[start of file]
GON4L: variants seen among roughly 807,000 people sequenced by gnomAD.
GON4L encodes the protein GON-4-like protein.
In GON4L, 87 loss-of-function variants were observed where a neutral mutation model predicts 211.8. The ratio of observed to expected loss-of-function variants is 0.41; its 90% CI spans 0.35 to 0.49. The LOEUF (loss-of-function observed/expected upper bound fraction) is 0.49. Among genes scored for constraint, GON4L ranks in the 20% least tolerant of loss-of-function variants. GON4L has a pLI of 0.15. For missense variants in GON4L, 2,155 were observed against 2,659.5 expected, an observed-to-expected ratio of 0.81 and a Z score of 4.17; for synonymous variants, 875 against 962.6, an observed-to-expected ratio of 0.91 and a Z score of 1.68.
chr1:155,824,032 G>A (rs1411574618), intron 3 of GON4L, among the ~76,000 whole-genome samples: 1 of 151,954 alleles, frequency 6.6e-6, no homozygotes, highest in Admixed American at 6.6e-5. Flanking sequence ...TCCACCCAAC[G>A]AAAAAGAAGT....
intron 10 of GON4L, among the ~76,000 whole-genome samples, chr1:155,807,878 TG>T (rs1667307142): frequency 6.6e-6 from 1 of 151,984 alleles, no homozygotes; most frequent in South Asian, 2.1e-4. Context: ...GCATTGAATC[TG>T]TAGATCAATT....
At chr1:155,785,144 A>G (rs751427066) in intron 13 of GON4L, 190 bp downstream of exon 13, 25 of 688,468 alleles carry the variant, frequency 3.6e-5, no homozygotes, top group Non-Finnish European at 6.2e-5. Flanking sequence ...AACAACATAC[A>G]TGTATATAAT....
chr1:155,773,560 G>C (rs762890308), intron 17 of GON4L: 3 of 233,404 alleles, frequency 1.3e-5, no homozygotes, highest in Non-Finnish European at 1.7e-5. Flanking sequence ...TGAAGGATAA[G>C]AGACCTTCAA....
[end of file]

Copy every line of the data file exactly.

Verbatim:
GON4L: variants seen among roughly 807,000 people sequenced by gnomAD.
GON4L encodes the protein GON-4-like protein.
In GON4L, 87 loss-of-function variants were observed where a neutral mutation model predicts 211.8. The ratio of observed to expected loss-of-function variants is 0.41; its 90% CI spans 0.35 to 0.49. The LOEUF (loss-of-function observed/expected upper bound fraction) is 0.49. Among genes scored for constraint, GON4L ranks in the 20% least tolerant of loss-of-function variants. GON4L has a pLI of 0.15. For missense variants in GON4L, 2,155 were observed against 2,659.5 expected, an observed-to-expected ratio of 0.81 and a Z score of 4.17; for synonymous variants, 875 against 962.6, an observed-to-expected ratio of 0.91 and a Z score of 1.68.
chr1:155,824,032 G>A (rs1411574618), intron 3 of GON4L, among the ~76,000 whole-genome samples: 1 of 151,954 alleles, frequency 6.6e-6, no homozygotes, highest in Admixed American at 6.6e-5. Flanking sequence ...TCCACCCAAC[G>A]AAAAAGAAGT....
intron 10 of GON4L, among the ~76,000 whole-genome samples, chr1:155,807,878 TG>T (rs1667307142): frequency 6.6e-6 from 1 of 151,984 alleles, no homozygotes; most frequent in South Asian, 2.1e-4. Context: ...GCATTGAATC[TG>T]TAGATCAATT....
At chr1:155,785,144 A>G (rs751427066) in intron 13 of GON4L, 190 bp downstream of exon 13, 25 of 688,468 alleles carry the variant, frequency 3.6e-5, no homozygotes, top group Non-Finnish European at 6.2e-5. Flanking sequence ...AACAACATAC[A>G]TGTATATAAT....
chr1:155,773,560 G>C (rs762890308), intron 17 of GON4L: 3 of 233,404 alleles, frequency 1.3e-5, no homozygotes, highest in Non-Finnish European at 1.7e-5. Flanking sequence ...TGAAGGATAA[G>C]AGACCTTCAA....